There’s plenty of information out there about what to expect during insertion, but we talk about removal way less often. Below, OB/GYNs discuss some of the common changes you might expect.
Why do people decide to remove their IUDs
IUDs can be divided into two different groups: copper IUDs and hormonal IUDs. The copper IUD, known as Paraguard, can protect against pregnancy for up to 12 years. Hormonal IUDs include Mirena, Kyleena, Liletta, and Skyla and they have varying durations. Mirena and Liletta work for up to seven years, according to Planned Parenthood. Kyleena works for five years and Skyla can be used for three years, Planned Parenthood explains.
So why do people remove them? It depends. Christine Greves, MD, a board-certified OB/GYN at the Winnie Palmer Hospital for Women and Babies, says that people will typically decide to have an IUD removed for a few reasons:
- They hope to conceive
- It’s expired
- They feel they don’t need it anymore
- They’re having pain or discomfort
- They have a concern about bleeding
- They don’t like the IUD
What does it feel like to have your IUD removed
IUD insertion can feel a little uncomfortable, but experts say the removal isn’t as bad. Most people experience very little discomfort, says Jennifer Wider, MD, an OB/GYN and women’s health expert. “Sometimes, you can feel mild or moderate cramps as the IUD exits the body, but it doesn't last long.”
Dr. Greves agrees. “It’s less uncomfortable than the insertion,” she says, adding that patients will “usually just feel a slight cramp.”
What is the actual IUD removal process like
First, you’ll need to make an appointment with your healthcare provider. Once you’re there, your provider will likely counsel you on how long it will take for your fertility to return. They might also ask whether you’re interested in using any other forms of birth control so you can get a new prescription at the same visit, per the American College of Obstetricians and Gynecologists (ACOG).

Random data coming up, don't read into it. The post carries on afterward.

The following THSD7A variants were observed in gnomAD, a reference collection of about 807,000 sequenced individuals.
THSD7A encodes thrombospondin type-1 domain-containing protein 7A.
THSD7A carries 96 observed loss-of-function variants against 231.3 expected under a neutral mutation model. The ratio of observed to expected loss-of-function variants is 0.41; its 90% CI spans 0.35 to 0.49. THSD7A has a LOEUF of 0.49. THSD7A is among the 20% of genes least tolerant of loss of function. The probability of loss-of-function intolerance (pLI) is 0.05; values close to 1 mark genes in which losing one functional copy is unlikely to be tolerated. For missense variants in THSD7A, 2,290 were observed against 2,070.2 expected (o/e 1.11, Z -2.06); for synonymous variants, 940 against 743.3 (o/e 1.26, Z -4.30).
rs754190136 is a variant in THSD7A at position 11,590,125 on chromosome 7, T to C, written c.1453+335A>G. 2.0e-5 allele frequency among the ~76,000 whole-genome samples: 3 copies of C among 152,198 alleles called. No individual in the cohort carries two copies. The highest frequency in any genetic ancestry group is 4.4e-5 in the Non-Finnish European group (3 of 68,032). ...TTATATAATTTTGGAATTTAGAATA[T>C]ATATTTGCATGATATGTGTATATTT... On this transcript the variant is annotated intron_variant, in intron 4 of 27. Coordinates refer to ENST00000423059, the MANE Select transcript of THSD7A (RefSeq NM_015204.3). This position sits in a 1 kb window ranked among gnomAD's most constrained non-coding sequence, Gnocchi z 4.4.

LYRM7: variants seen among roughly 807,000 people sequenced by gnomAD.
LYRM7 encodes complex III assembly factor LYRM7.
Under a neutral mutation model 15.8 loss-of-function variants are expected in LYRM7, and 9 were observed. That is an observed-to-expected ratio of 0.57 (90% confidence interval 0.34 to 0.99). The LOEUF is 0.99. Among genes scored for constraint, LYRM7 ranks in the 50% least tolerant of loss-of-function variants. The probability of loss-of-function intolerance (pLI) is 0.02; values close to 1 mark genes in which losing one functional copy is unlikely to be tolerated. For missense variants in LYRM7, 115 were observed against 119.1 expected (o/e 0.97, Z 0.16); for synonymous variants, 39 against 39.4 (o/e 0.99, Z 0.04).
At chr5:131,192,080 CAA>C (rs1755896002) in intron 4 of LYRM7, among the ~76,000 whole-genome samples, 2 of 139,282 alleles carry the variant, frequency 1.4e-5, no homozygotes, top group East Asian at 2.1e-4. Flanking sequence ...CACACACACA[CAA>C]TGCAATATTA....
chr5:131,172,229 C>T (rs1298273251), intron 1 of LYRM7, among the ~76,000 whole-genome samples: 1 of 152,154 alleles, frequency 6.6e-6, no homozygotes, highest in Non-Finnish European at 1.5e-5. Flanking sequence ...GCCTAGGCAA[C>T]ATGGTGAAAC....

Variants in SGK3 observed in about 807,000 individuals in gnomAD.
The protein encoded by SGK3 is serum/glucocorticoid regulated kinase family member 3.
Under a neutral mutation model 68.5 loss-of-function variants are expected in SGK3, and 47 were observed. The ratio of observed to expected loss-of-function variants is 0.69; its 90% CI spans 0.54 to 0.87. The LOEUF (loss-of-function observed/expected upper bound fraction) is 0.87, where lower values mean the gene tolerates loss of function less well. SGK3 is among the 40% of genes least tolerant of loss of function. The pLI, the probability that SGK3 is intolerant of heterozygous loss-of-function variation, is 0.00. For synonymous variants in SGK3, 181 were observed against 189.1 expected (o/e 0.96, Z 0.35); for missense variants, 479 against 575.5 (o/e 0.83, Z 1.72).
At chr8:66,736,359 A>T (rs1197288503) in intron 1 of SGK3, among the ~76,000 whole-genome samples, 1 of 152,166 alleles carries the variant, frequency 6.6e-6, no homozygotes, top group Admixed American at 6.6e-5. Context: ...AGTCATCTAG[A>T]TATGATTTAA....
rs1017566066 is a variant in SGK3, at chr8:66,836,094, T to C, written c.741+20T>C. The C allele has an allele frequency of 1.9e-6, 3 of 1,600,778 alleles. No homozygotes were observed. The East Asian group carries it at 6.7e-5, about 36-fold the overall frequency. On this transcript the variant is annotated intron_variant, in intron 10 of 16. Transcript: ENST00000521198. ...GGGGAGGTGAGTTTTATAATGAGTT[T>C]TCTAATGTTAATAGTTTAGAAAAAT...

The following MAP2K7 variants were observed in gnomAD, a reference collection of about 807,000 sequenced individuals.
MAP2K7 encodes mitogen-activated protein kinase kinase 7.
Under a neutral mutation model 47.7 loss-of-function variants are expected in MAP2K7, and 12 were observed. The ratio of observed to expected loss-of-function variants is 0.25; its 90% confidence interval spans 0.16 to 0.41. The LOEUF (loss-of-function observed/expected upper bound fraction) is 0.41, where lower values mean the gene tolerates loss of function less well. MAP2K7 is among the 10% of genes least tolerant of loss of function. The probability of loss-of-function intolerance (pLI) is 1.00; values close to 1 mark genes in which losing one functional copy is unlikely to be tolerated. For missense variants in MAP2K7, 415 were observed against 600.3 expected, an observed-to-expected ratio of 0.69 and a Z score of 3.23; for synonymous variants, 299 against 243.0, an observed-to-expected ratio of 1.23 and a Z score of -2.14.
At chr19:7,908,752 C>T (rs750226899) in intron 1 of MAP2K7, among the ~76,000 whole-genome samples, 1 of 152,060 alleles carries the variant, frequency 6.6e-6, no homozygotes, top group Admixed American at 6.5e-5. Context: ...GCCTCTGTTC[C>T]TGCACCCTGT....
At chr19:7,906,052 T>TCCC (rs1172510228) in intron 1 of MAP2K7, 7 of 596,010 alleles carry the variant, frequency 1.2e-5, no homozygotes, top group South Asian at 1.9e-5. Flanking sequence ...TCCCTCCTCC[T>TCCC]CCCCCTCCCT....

If you’re planning to conceive, your provider may counsel you on anything you’ll need to do at that point, like taking prenatal vitamins. Then, your provider will likely tell you that mild cramping and a small amount of bleeding are normal after your IUD is removed.
For the actual procedure, you’ll be asked to lie on a table at your doctor’s office, with your underwear and bottoms removed (you’ll usually be given a sheet to drape over you for privacy), Dr. Wider says. Your doctor will place a speculum in your vagina and examine you.
If the strings of your IUD are visible, your doctor will grasp them with forceps or something similar and gently pull on the strings until the entire IUD is removed, ACOG says. Your doctor may give you a heads up before they pull that you could feel a little discomfort and ask you to take a deep breath in advance. The IUD “is designed to fold up as the string is pulled and it will likely slip out without an issue,” Dr. Wider says.
While it’s not common, your doctor may have difficulty removing your IUD or trouble locating it. If that’s the case, they may use a pelvic ultrasound to see where the IUD is in your body. Try not to worry: During checkups and removal procedures, the strings aren’t easily visible to providers four to 18 percent of the time, the ACOG says. If the strings aren’t visible, your doctor may use an instrument called a cytobrush to gently probe your cervix to locate the strings.
In most cases, however, your IUD will come out easily. “Usually getting an IUD out is a fast and easy procedure,” Dr. Wider says.
How will removing your IUD impact your body afterward
In general, you won’t notice many bodily changes after your IUD is removed, Dr. Greves says. “The beautiful thing about the IUD is that it is not systemic,” she says. Meaning, it doesn’t impact your entire body.
However, if you’ve had an IUD that contains progesterone, Dr. Greves says that you may notice your period is a little heavier afterward—simply because the hormone typically makes periods lighter or even non-existent.
As for your fertility, Dr. Greves says it returns “right away,” so it's best to use another method of birth control if you’re not ready to conceive. If you do hope to conceive, though, Dr. Wider says that you can start trying “immediately” after your IUD is out.
Ultimately, IUD removal is a relatively straightforward process. Still, f you’re considering having your IUD removed and you have questions about how it will impact you, don’t hesitate to reach out to your doctor. They should be able to offer personalized guidance.
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